Solomon Victor finally decided that enough was enough, and asked Suniti to choose a non-clinical specialty for her postgraduate degree. The decision was tough — the age-old ‘career versus family’ dilemma. She preferred general medicine. But family life was important too. And she wasn’t giving up medicine, only her choice of specialty. Nobody, she least of all, could have anticipated how her decision that day would have a crucial impact two decades later when India was confronted by the greatest health crisis of the era. In chill and bleak London, they were just a struggling young couple trying to piece their life together. When they moved on to the United States to further their medical training, Suniti became a medical resident in pathology in Chicago’s Cook County Hospital.

She couldn’t complete her residency. In 1971, Solomon Victor’s mentor Dr. C. Sadasivam, founder of the cardiothoracic surgery department at the Government General Hospital, Chennai, died unexpectedly. Solomon Victor had to return to stabilise the fledgling department, and Suniti opted for a postgraduate course at Madras Medical College. The logical choice was pathology, building on her Chicago residency experience, but among the non-clinical specialties, pathology was the most competitive. She ended choosing microbiology because it included the sub-specialty of immunology, which she believed would become increasingly important in our battles against infectious diseases.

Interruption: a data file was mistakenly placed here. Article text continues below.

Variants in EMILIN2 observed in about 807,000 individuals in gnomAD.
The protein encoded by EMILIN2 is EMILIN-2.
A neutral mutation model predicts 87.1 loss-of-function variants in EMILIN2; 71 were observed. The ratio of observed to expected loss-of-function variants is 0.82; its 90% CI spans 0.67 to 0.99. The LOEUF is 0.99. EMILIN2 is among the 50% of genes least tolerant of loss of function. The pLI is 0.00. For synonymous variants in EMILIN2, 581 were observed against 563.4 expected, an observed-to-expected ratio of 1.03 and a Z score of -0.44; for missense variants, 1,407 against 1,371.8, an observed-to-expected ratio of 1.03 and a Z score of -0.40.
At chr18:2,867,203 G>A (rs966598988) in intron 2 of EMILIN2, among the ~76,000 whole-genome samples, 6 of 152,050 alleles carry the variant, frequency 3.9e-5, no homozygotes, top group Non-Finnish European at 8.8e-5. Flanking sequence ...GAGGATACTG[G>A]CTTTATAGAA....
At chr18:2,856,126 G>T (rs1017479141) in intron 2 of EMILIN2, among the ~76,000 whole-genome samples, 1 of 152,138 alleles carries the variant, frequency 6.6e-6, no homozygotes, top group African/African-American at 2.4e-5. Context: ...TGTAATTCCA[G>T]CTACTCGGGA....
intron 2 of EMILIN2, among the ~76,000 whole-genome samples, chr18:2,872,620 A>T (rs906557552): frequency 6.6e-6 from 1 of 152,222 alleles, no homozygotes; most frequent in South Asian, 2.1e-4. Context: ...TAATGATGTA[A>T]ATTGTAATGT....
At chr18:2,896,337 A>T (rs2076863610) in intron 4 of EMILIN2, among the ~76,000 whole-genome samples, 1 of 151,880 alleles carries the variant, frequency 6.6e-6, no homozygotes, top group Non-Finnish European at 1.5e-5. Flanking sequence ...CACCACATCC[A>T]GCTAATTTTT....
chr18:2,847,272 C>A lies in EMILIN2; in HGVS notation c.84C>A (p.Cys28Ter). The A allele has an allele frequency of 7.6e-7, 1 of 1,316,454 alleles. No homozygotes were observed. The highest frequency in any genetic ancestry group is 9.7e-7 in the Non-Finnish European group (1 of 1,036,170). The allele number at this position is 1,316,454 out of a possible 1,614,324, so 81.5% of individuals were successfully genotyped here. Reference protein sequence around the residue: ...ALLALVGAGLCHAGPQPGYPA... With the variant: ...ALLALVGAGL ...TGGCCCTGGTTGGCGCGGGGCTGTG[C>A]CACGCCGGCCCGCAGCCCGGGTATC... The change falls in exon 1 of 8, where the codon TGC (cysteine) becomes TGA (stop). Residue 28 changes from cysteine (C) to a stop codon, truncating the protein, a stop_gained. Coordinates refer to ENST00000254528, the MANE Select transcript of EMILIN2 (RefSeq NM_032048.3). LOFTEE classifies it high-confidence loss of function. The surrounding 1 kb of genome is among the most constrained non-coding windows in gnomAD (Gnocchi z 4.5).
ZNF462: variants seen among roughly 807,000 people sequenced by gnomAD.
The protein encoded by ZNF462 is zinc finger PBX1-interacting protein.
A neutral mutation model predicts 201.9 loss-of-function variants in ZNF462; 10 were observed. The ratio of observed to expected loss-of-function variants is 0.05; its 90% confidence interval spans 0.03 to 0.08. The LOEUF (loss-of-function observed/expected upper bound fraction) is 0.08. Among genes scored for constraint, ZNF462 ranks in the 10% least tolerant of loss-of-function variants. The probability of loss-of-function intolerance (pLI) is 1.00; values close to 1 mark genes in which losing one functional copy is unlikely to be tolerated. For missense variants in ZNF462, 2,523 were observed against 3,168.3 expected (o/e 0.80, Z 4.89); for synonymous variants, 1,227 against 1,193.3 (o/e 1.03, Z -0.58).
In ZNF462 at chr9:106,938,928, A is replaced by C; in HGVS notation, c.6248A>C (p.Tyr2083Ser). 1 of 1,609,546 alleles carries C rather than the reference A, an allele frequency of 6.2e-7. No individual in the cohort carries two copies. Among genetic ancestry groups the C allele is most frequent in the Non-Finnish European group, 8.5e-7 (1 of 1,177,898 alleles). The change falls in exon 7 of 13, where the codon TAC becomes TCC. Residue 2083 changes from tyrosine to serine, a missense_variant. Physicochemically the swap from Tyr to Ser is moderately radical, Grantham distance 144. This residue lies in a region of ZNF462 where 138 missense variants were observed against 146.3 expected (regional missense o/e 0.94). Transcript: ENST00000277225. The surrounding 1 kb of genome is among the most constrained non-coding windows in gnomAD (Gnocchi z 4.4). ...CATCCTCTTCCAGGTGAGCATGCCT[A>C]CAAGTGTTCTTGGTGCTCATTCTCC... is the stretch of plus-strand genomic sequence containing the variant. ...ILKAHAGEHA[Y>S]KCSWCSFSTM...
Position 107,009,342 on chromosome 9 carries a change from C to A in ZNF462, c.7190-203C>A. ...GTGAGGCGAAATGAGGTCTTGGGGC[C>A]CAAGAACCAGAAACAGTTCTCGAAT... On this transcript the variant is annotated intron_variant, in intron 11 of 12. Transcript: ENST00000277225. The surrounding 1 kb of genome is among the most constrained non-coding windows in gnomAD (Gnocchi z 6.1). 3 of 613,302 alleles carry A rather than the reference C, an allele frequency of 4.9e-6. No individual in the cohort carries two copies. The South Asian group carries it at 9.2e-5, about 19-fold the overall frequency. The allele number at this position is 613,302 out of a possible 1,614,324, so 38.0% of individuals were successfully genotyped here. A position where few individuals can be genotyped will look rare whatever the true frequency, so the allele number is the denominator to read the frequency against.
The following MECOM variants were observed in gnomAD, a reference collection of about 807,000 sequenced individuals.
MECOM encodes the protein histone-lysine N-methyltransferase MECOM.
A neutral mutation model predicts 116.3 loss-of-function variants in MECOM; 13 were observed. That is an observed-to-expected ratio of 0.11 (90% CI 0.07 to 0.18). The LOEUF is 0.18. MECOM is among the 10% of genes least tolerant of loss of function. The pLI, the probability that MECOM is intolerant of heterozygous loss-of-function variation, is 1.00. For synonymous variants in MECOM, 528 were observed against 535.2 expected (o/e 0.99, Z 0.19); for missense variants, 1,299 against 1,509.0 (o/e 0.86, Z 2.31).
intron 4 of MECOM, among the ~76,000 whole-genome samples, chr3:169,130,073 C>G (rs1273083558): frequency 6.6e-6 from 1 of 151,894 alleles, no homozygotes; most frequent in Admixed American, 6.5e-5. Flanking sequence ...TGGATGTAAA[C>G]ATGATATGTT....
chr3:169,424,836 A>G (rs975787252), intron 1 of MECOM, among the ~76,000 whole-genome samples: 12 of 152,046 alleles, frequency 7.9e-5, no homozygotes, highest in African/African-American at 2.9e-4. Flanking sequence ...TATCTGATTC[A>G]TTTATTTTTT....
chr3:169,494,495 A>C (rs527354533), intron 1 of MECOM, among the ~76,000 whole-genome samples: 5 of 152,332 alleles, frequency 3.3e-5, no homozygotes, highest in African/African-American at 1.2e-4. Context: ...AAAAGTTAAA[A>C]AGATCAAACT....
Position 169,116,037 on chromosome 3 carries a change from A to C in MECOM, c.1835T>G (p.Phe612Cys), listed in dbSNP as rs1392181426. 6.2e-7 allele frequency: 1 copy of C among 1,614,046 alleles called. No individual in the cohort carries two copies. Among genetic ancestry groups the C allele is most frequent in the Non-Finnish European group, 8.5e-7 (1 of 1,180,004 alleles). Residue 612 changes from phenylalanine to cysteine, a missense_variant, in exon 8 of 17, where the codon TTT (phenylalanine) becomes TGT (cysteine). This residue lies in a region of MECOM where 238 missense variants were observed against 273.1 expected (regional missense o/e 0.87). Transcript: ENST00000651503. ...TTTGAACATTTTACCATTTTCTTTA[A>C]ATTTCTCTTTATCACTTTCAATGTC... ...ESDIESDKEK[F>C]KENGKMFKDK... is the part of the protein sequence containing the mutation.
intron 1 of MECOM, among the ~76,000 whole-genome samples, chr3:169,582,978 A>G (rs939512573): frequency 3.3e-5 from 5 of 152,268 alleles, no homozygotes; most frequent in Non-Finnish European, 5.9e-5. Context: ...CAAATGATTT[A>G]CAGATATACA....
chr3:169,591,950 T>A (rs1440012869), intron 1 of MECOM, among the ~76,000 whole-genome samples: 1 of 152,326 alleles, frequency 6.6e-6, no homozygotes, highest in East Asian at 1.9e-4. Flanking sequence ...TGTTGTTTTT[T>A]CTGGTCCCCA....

After her MD, she joined the faculty of the Institute of Microbiology in Madras Medical College. It was here, in the early 1980s, that she was certain that HIV infection was present and spreading in India although the government kept ducking the issue. Reading papers published in various international medical journals convinced her that despite the politicians’ assertions of the protective superiority of Indian culture over that of the decadent West, human nature prevailed the world over. So she initiated a research project to ferret out the virus. Her efforts included asking a postgraduate student to take up the topic as a research thesis.

The blood samples Suniti and her team collected included 100 from prostitutes of a remand home. Of these 100, six tested positive for HIV. Suniti sent the samples to also be independently tested at Johns Hopkins University, Baltimore, USA. Hopkins reconfirmed her findings. Six out of 100 was bad news, given the size of India’s population. HIV had launched India on a trajectory that would topple it from the cliff onto the rocks below if nothing was done.